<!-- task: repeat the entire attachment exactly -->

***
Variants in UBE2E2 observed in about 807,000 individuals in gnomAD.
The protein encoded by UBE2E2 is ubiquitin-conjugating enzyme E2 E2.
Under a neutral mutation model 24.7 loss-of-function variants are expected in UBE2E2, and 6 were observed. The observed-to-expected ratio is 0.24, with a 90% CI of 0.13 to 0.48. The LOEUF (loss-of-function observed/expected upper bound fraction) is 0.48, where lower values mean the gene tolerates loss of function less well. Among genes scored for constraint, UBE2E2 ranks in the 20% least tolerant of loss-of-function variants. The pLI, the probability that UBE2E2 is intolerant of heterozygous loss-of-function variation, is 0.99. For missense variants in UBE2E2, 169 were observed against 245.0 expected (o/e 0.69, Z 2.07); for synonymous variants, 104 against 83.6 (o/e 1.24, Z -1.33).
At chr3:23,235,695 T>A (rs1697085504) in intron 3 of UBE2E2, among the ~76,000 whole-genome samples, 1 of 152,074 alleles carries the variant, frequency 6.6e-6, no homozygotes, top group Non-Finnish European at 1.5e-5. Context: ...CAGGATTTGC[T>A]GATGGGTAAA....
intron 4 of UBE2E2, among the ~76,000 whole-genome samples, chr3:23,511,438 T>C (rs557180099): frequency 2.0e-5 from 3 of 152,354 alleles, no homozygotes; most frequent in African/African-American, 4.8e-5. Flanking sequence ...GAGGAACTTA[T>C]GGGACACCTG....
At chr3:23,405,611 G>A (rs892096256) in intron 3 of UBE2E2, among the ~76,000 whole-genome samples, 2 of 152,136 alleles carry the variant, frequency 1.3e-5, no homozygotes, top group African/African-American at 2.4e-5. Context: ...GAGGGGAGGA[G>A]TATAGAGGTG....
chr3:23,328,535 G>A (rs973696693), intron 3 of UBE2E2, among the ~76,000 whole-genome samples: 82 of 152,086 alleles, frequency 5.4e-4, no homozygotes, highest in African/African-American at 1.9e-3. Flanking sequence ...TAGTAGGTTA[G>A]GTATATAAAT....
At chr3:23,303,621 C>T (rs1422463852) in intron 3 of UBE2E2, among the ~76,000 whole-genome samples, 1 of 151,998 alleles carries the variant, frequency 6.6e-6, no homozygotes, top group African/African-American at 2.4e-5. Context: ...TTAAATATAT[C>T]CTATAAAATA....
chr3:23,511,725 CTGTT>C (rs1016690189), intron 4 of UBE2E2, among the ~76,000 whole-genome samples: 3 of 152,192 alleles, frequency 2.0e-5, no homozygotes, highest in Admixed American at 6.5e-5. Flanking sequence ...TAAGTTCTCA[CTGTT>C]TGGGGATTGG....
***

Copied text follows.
Variants in UBE2E2 observed in about 807,000 individuals in gnomAD.
The protein encoded by UBE2E2 is ubiquitin-conjugating enzyme E2 E2.
Under a neutral mutation model 24.7 loss-of-function variants are expected in UBE2E2, and 6 were observed. The observed-to-expected ratio is 0.24, with a 90% CI of 0.13 to 0.48. The LOEUF (loss-of-function observed/expected upper bound fraction) is 0.48, where lower values mean the gene tolerates loss of function less well. Among genes scored for constraint, UBE2E2 ranks in the 20% least tolerant of loss-of-function variants. The pLI, the probability that UBE2E2 is intolerant of heterozygous loss-of-function variation, is 0.99. For missense variants in UBE2E2, 169 were observed against 245.0 expected (o/e 0.69, Z 2.07); for synonymous variants, 104 against 83.6 (o/e 1.24, Z -1.33).
At chr3:23,235,695 T>A (rs1697085504) in intron 3 of UBE2E2, among the ~76,000 whole-genome samples, 1 of 152,074 alleles carries the variant, frequency 6.6e-6, no homozygotes, top group Non-Finnish European at 1.5e-5. Context: ...CAGGATTTGC[T>A]GATGGGTAAA....
intron 4 of UBE2E2, among the ~76,000 whole-genome samples, chr3:23,511,438 T>C (rs557180099): frequency 2.0e-5 from 3 of 152,354 alleles, no homozygotes; most frequent in African/African-American, 4.8e-5. Flanking sequence ...GAGGAACTTA[T>C]GGGACACCTG....
At chr3:23,405,611 G>A (rs892096256) in intron 3 of UBE2E2, among the ~76,000 whole-genome samples, 2 of 152,136 alleles carry the variant, frequency 1.3e-5, no homozygotes, top group African/African-American at 2.4e-5. Context: ...GAGGGGAGGA[G>A]TATAGAGGTG....
chr3:23,328,535 G>A (rs973696693), intron 3 of UBE2E2, among the ~76,000 whole-genome samples: 82 of 152,086 alleles, frequency 5.4e-4, no homozygotes, highest in African/African-American at 1.9e-3. Flanking sequence ...TAGTAGGTTA[G>A]GTATATAAAT....
At chr3:23,303,621 C>T (rs1422463852) in intron 3 of UBE2E2, among the ~76,000 whole-genome samples, 1 of 151,998 alleles carries the variant, frequency 6.6e-6, no homozygotes, top group African/African-American at 2.4e-5. Context: ...TTAAATATAT[C>T]CTATAAAATA....
chr3:23,511,725 CTGTT>C (rs1016690189), intron 4 of UBE2E2, among the ~76,000 whole-genome samples: 3 of 152,192 alleles, frequency 2.0e-5, no homozygotes, highest in Admixed American at 6.5e-5. Flanking sequence ...TAAGTTCTCA[CTGTT>C]TGGGGATTGG....